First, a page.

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About Our Online Cookbook...
We have organized our recipes into categories. Links for each category are available from most pages and there is also a complete list of all recipes available. At the end of each recipe are links to quickly navigate through all recipes in an entire category (like turning a page).
About the Recipes...
Our recipes are in US measurements. Our recipes are meant to be read through entirely before starting. When referring to herbs, we mean fresh herbs, unless otherwise noted. Fresh herbs are readily available at most grocery stores now and really make a difference in the taste. If a recipe requires dried herbs, we will state so. As a general rule of thumb, if fresh herbs are not available and the recipe calls for this, decrease the amount of dried by a third. For example, 1 tablespoon of Oregano (implied as fresh) would equal 1 to 1 1/2 teaspoons dried. Of course all seasonings are to taste.
I have always found it beneficial to read through a recipe from start to finish before starting. Also, following the Oriental style of cooking, I like to prepare all of my ingredients before I start and have them laid out, ready to use. This way cooking will flow smoothly and best of all you can clean as you go. Generally eggs are to be used at room temperature. One sure contradiction to this is when separating eggs. It is much easier to do when they are cold. Always use the freshest ingredients you can. Unless your doctor absolutely requires you to be on a special diet, try to use full flavored dairy and cheeses. The fat content is usually required for flavor and texture. Remember: everything in moderation. Also realize that almost all alcohol evaporates during the cooking process and leaves behind its flavor.
Sources of Inspiration...
Of course I have to credit my grandparents, all four of them, for a lot of my passion for food and cooking. My paternal grandparents inspired Eastern European and Mediterranean dishes and my maternal grandparents inspired Southern American and cafeteria-style dishes. They also nurtured my innate desire to grow a vegetable garden. I have grown my own vegetables in some form or another since I was 10 years old. I also learned from my maternal grandmother how to preserve these vegetables by method of canning. A lot of work to be sure, but worth every bone-breaking minute when enjoying them during the cold, dark days of winter. Needless to say, both sets of grandparents rooted in me the ideals of not wasting anything and how to be frugal.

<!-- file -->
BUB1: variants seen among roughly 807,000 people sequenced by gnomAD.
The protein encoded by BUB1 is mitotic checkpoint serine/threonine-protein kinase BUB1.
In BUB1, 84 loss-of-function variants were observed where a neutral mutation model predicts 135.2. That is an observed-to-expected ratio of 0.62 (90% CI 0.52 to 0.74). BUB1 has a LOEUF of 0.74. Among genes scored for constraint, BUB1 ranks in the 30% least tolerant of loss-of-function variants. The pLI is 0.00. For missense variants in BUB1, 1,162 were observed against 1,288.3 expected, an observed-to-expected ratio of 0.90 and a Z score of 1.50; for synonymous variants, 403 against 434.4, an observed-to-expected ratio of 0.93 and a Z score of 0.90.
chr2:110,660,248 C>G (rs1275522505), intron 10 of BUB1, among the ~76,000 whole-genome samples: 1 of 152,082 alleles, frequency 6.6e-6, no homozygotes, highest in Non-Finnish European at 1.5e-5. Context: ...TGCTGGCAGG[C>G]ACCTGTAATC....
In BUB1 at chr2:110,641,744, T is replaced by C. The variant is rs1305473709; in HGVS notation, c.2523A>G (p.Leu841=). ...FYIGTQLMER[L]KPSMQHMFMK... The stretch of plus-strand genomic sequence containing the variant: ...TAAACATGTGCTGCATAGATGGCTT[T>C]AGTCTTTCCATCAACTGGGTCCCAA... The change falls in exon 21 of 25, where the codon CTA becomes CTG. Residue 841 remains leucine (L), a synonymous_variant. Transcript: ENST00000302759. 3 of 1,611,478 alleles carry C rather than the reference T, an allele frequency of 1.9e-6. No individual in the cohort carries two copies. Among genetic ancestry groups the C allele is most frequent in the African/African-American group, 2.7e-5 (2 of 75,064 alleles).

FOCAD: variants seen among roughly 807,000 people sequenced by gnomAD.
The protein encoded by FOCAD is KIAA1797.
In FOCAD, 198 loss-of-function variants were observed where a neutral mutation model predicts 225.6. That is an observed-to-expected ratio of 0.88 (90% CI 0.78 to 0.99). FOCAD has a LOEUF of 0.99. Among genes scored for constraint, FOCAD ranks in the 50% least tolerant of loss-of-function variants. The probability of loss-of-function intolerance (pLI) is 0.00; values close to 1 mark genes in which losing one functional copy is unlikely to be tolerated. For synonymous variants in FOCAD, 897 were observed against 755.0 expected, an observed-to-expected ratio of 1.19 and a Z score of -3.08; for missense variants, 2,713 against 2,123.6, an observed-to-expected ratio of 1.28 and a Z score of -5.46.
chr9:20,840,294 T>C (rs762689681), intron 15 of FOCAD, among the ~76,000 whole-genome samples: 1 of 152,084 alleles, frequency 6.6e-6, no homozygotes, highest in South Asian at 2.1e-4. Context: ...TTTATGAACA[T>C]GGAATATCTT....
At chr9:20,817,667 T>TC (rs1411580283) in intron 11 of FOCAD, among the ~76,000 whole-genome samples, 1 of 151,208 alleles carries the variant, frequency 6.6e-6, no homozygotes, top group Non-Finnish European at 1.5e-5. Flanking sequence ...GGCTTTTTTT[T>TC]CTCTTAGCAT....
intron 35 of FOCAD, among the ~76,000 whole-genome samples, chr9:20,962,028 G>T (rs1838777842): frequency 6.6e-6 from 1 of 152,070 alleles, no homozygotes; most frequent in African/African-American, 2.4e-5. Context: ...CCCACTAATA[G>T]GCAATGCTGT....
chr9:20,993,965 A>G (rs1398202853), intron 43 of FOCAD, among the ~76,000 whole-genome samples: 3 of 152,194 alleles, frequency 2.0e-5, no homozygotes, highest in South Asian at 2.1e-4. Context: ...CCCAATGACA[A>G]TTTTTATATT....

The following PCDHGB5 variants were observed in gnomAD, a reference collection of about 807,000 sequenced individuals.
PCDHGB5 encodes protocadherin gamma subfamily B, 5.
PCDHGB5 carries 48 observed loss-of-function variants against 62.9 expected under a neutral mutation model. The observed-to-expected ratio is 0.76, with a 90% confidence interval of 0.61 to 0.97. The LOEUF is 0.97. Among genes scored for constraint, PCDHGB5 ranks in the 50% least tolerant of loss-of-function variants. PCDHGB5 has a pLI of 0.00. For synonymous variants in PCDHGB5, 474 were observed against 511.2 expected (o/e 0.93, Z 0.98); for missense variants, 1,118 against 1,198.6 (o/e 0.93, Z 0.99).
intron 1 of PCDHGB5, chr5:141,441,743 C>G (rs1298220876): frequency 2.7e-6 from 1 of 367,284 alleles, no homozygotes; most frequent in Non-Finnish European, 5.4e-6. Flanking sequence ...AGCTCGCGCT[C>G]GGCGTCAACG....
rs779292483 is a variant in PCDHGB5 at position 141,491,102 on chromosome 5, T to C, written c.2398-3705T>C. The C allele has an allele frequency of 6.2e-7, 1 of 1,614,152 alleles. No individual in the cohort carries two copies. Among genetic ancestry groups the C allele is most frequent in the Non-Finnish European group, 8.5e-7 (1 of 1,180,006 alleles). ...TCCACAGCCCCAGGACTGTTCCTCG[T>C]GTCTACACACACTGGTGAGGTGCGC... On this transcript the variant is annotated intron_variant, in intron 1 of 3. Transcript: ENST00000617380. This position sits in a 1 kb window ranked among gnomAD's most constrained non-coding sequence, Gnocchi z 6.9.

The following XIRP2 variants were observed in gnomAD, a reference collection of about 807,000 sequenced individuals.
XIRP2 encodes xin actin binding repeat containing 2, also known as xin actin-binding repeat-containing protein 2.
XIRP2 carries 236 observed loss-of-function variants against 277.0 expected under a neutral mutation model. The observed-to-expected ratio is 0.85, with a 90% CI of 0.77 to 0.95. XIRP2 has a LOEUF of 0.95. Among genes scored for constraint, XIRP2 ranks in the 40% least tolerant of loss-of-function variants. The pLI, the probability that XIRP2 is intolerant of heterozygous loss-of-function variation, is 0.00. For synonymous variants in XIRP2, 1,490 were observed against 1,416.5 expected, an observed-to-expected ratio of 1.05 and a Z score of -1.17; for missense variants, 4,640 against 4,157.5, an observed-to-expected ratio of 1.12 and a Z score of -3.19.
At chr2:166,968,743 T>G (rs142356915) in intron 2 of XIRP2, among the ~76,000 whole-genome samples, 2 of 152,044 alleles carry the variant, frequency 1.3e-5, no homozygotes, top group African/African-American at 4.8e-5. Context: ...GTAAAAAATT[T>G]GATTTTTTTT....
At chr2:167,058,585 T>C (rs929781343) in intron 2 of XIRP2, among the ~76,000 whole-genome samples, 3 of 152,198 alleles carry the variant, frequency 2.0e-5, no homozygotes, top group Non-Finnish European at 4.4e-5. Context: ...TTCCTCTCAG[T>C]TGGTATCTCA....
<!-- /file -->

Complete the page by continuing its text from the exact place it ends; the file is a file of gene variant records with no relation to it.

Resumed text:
As I grew up, my own curiosity and need for "new" tastes led me to discover that the world of food was enormous. I discovered the sea provides more than just flounder and shrimp, the grassy meadows provided more than just hamburgers and top round steak and that chicken was not the only option for poultry. This along with a desire to taste anything put before me rewards my palette with many, many hours of pleasurable eating.
TV Chefs and Cooks and their affect on me...
I remember watching with my Mom The Galloping Gourmet aka Graham Kerr and all the iterations of shows with Julia Child when I was a young. Then there was Ciao Italia with Mary Ann Esposito, America's Test Kitchen (and now Cook's Country) and then the Food Network. I was greatly influenced by Mario Batali, Giada De Laurentiis (her Everyday Italian series), Lidia Bastianich of Lidia's Italy, Ina Garten of Barefoot Contessa and of course the King of all things food, Alton Brown of Good Eats. Another great source for inspiration is Martha Stewart's Everyday Food. Although it does not offer too much in the way of every day recipes, Iron Chef America nonetheless is fun to watch. A good many recipes here are directly influenced by these sources. As with any recipe, once you make it by original recipe, you will find yourself making little tweaks here and there to suit your taste.